Barilaro under scrutiny in first Nationals meeting
Nationals MPs are meeting for the first time since leader John Barilaro abandoned threats to boycott government legislation over koala protection rules.
The meeting, which began at 8.30am and was still going at 10am, was expected to hear from MPs raising concerns about Mr Barilaro's actions last week that could have split the government.
Two Nationals MPs arriving at parliament this morning would not explicitly declare their support for Mr Barilaro.
Upper house member Trevor Khan indicated he would be raising his concerns in the meeting.
"I'll have what I have to say said in the party room," he said.
Mr Khan last night lashed out at comments from NSW Nationals Chairman Andrew Fraser who told 7 News that only Mr Barilaro could "handle the pressure" of the leadership.
"Andrew Fraser's comments are an obvious slight on the talents of the likes of Paul Toole, Adam Marshall, Melinda Pavey and the many talented younger members of the party, all of whom are capable of stepping forward," Mr Khan tweeted.
Premier Gladys Berejiklian faces the first test of her government's unity today with both parties set to meet ahead of a crucial parliamentary sitting.
It comes after senior Liberal ministers called on the Deputy Premier to resign over threats last week over koala protection rules.
Treasurer Dominic Perrottet yesterday played down tensions in the cabinet over Mr Barilaro's position as the Deputy Premier, saying the Nationals leader is a "strong advocate for regional and rural NSW".
"I will work with John Barilaro," he said.
"We aren't always going to agree, there's going to be tension but that's been dealt with and we move on and that's what the people of NSW expect."
Mr Perrottet's support for Mr Barilaro was in contrast to Customer Service Minister Victor Dominello.
"I'll work with whoever the National Party gives us as their leader, and at the moment, it's the Deputy Premier," Mr Dominello said.
In a thinly veiled swipe at the Deputy Premier, Mr Dominello said leadership requires "being humble, being considered at being focused on delivery rather than headlines".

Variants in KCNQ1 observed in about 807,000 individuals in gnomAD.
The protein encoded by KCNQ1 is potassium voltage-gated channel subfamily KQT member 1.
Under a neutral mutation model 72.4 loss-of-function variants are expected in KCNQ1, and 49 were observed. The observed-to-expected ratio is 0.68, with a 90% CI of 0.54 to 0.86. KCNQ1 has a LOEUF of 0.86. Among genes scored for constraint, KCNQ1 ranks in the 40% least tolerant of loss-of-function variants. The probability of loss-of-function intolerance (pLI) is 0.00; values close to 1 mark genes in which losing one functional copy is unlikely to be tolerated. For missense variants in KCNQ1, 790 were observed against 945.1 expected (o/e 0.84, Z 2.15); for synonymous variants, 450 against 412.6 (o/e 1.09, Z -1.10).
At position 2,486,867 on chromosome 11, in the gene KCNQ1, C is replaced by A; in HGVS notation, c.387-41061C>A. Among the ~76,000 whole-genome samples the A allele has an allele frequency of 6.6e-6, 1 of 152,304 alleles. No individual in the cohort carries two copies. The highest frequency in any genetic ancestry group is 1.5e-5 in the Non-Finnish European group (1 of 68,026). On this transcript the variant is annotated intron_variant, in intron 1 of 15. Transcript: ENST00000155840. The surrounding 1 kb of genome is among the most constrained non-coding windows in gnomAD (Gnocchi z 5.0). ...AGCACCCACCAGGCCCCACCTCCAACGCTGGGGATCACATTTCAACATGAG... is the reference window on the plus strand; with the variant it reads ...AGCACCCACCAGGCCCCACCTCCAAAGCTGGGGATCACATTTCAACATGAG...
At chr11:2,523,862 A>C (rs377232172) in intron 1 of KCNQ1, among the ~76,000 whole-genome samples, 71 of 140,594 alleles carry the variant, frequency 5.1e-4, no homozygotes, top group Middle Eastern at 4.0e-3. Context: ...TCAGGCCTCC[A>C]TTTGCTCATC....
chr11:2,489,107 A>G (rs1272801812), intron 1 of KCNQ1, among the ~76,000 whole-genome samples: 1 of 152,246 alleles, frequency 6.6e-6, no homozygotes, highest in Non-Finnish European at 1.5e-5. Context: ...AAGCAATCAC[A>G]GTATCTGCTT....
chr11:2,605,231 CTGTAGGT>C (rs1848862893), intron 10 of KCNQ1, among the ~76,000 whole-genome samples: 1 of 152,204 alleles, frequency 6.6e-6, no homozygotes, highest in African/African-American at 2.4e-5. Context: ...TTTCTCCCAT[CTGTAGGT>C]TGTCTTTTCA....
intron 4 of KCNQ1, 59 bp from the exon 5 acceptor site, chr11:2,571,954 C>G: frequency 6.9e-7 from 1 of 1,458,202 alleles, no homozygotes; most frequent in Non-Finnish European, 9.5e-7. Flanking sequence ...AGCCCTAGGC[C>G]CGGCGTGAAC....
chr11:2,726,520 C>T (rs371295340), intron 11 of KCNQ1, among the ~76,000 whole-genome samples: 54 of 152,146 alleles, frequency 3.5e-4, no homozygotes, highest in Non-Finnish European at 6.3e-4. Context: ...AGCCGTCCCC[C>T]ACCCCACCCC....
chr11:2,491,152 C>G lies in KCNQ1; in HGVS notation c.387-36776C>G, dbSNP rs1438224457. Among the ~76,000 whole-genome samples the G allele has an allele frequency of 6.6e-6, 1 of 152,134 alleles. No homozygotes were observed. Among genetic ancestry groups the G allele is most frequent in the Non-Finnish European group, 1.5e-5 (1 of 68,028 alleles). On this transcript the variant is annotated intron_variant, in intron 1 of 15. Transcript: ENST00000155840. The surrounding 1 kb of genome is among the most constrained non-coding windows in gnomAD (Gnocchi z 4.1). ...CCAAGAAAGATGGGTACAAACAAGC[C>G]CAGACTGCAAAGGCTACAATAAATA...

Premier Berejiklian yesterday said her ministers will "absolutely" continue to work effectively together despite internal cabinet tensions.
The Opposition is set to move a parliamentary motion of no confidence in the Deputy Premier today, with Labor Leader Jodi McKay declaring Mr Barilaro needs to resign.
"This guy is erratic, he's incapable of making solid decisions," Ms McKay said.
"He has to resign."
Government ministers will be obliged to vote against Labor's motion and support Mr Barilaro, despite senior Liberals having previously called for him to quit.
Senior Nationals ministers rushed to the defence of their leader yesterday, declaring he has their full support.
However, Paul Toole - the Deputy Nationals Leader and someone touted by Liberals as a potential challenger to John Barilaro - yesterday refused to rule out putting his hand up for the leadership if it was vacated.
"I think John will continue on as the leader, so I probably won't get into speculation and all of that," Mr Toole told ABC radio.
Meanwhile, Rebel Nationals backbencher Chris Gulaptis yesterday maintained he would move to the crossbench if concerns with the koala protection policy aren't addressed.
"This is just poor policy, and we are not going to blindly follow the Liberals down a poor policy path like we have before with the greyhounds (ban), and the council amalgamations," he said.
"As far as I'm concerned; twice bitten, three times shy."
Despite Mr Barilaro committing his party to stay in coalition with the Liberals, Premier Gladys Berejiklian said backbench Nationals MPs are free to vote against the government if they wish.
"What assurance I have is that we will have a coalition between now and the election and that all ministers will support government legislation," she said.
Originally published as Barilaro's leadership under scrutiny in first Nationals meeting